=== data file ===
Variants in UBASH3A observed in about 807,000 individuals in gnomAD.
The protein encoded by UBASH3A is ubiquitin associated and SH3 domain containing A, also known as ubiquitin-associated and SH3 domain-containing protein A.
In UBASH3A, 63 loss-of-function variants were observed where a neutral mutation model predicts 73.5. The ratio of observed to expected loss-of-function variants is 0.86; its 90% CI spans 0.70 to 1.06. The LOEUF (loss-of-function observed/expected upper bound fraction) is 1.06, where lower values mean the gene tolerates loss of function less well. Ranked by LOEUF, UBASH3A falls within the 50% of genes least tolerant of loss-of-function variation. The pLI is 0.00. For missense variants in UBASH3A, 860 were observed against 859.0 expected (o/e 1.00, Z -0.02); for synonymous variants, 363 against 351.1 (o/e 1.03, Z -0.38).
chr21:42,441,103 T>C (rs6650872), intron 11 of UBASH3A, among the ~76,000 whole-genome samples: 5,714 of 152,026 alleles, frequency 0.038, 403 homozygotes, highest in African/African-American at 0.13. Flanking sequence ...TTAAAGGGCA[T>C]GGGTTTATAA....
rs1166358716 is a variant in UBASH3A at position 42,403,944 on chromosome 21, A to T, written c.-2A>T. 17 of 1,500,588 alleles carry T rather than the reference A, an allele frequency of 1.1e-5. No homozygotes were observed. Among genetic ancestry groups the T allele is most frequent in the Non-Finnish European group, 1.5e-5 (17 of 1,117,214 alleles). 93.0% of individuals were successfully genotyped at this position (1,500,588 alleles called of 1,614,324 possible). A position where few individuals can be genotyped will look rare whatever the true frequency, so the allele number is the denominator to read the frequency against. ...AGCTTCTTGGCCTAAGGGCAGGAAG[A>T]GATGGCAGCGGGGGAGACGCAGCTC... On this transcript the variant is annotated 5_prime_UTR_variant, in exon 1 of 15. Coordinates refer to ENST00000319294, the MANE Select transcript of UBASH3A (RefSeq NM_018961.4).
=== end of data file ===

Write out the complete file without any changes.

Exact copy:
Variants in UBASH3A observed in about 807,000 individuals in gnomAD.
The protein encoded by UBASH3A is ubiquitin associated and SH3 domain containing A, also known as ubiquitin-associated and SH3 domain-containing protein A.
In UBASH3A, 63 loss-of-function variants were observed where a neutral mutation model predicts 73.5. The ratio of observed to expected loss-of-function variants is 0.86; its 90% CI spans 0.70 to 1.06. The LOEUF (loss-of-function observed/expected upper bound fraction) is 1.06, where lower values mean the gene tolerates loss of function less well. Ranked by LOEUF, UBASH3A falls within the 50% of genes least tolerant of loss-of-function variation. The pLI is 0.00. For missense variants in UBASH3A, 860 were observed against 859.0 expected (o/e 1.00, Z -0.02); for synonymous variants, 363 against 351.1 (o/e 1.03, Z -0.38).
chr21:42,441,103 T>C (rs6650872), intron 11 of UBASH3A, among the ~76,000 whole-genome samples: 5,714 of 152,026 alleles, frequency 0.038, 403 homozygotes, highest in African/African-American at 0.13. Flanking sequence ...TTAAAGGGCA[T>C]GGGTTTATAA....
rs1166358716 is a variant in UBASH3A at position 42,403,944 on chromosome 21, A to T, written c.-2A>T. 17 of 1,500,588 alleles carry T rather than the reference A, an allele frequency of 1.1e-5. No homozygotes were observed. Among genetic ancestry groups the T allele is most frequent in the Non-Finnish European group, 1.5e-5 (17 of 1,117,214 alleles). 93.0% of individuals were successfully genotyped at this position (1,500,588 alleles called of 1,614,324 possible). A position where few individuals can be genotyped will look rare whatever the true frequency, so the allele number is the denominator to read the frequency against. ...AGCTTCTTGGCCTAAGGGCAGGAAG[A>T]GATGGCAGCGGGGGAGACGCAGCTC... On this transcript the variant is annotated 5_prime_UTR_variant, in exon 1 of 15. Coordinates refer to ENST00000319294, the MANE Select transcript of UBASH3A (RefSeq NM_018961.4).